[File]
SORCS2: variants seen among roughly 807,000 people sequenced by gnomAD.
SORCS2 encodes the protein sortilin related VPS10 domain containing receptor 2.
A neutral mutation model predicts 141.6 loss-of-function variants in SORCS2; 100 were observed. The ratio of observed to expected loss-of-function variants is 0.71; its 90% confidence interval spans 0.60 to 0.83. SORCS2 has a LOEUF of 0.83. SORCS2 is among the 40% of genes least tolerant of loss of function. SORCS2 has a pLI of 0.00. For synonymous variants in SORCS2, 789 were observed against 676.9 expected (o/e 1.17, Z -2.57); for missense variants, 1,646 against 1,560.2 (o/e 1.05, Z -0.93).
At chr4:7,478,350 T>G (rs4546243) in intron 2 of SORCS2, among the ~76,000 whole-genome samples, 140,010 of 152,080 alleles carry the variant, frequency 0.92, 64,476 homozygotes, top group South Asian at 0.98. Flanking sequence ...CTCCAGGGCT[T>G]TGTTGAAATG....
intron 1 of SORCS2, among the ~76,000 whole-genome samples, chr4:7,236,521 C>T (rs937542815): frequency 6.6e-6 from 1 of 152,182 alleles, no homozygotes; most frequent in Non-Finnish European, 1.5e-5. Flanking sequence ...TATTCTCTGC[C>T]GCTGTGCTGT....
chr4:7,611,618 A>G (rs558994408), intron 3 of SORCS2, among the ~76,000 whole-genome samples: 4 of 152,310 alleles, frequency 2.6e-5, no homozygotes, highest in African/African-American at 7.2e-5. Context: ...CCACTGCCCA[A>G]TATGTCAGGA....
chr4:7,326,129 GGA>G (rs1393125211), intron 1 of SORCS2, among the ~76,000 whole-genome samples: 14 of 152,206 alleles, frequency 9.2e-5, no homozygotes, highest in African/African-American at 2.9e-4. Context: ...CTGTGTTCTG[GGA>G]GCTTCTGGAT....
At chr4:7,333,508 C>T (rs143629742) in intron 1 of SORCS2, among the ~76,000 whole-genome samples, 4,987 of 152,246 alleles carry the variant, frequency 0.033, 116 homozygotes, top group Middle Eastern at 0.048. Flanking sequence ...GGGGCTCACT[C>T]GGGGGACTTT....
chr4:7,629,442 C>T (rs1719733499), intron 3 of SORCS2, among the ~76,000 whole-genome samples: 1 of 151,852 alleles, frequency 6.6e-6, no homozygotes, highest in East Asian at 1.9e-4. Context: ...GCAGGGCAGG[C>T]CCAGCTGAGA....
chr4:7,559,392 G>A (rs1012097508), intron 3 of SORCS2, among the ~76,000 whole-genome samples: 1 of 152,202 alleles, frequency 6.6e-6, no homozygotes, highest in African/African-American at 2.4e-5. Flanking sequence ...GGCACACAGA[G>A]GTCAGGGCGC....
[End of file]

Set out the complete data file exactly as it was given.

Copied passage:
SORCS2: variants seen among roughly 807,000 people sequenced by gnomAD.
SORCS2 encodes the protein sortilin related VPS10 domain containing receptor 2.
A neutral mutation model predicts 141.6 loss-of-function variants in SORCS2; 100 were observed. The ratio of observed to expected loss-of-function variants is 0.71; its 90% confidence interval spans 0.60 to 0.83. SORCS2 has a LOEUF of 0.83. SORCS2 is among the 40% of genes least tolerant of loss of function. SORCS2 has a pLI of 0.00. For synonymous variants in SORCS2, 789 were observed against 676.9 expected (o/e 1.17, Z -2.57); for missense variants, 1,646 against 1,560.2 (o/e 1.05, Z -0.93).
At chr4:7,478,350 T>G (rs4546243) in intron 2 of SORCS2, among the ~76,000 whole-genome samples, 140,010 of 152,080 alleles carry the variant, frequency 0.92, 64,476 homozygotes, top group South Asian at 0.98. Flanking sequence ...CTCCAGGGCT[T>G]TGTTGAAATG....
intron 1 of SORCS2, among the ~76,000 whole-genome samples, chr4:7,236,521 C>T (rs937542815): frequency 6.6e-6 from 1 of 152,182 alleles, no homozygotes; most frequent in Non-Finnish European, 1.5e-5. Flanking sequence ...TATTCTCTGC[C>T]GCTGTGCTGT....
chr4:7,611,618 A>G (rs558994408), intron 3 of SORCS2, among the ~76,000 whole-genome samples: 4 of 152,310 alleles, frequency 2.6e-5, no homozygotes, highest in African/African-American at 7.2e-5. Context: ...CCACTGCCCA[A>G]TATGTCAGGA....
chr4:7,326,129 GGA>G (rs1393125211), intron 1 of SORCS2, among the ~76,000 whole-genome samples: 14 of 152,206 alleles, frequency 9.2e-5, no homozygotes, highest in African/African-American at 2.9e-4. Context: ...CTGTGTTCTG[GGA>G]GCTTCTGGAT....
At chr4:7,333,508 C>T (rs143629742) in intron 1 of SORCS2, among the ~76,000 whole-genome samples, 4,987 of 152,246 alleles carry the variant, frequency 0.033, 116 homozygotes, top group Middle Eastern at 0.048. Flanking sequence ...GGGGCTCACT[C>T]GGGGGACTTT....
chr4:7,629,442 C>T (rs1719733499), intron 3 of SORCS2, among the ~76,000 whole-genome samples: 1 of 151,852 alleles, frequency 6.6e-6, no homozygotes, highest in East Asian at 1.9e-4. Context: ...GCAGGGCAGG[C>T]CCAGCTGAGA....
chr4:7,559,392 G>A (rs1012097508), intron 3 of SORCS2, among the ~76,000 whole-genome samples: 1 of 152,202 alleles, frequency 6.6e-6, no homozygotes, highest in African/African-American at 2.4e-5. Flanking sequence ...GGCACACAGA[G>A]GTCAGGGCGC....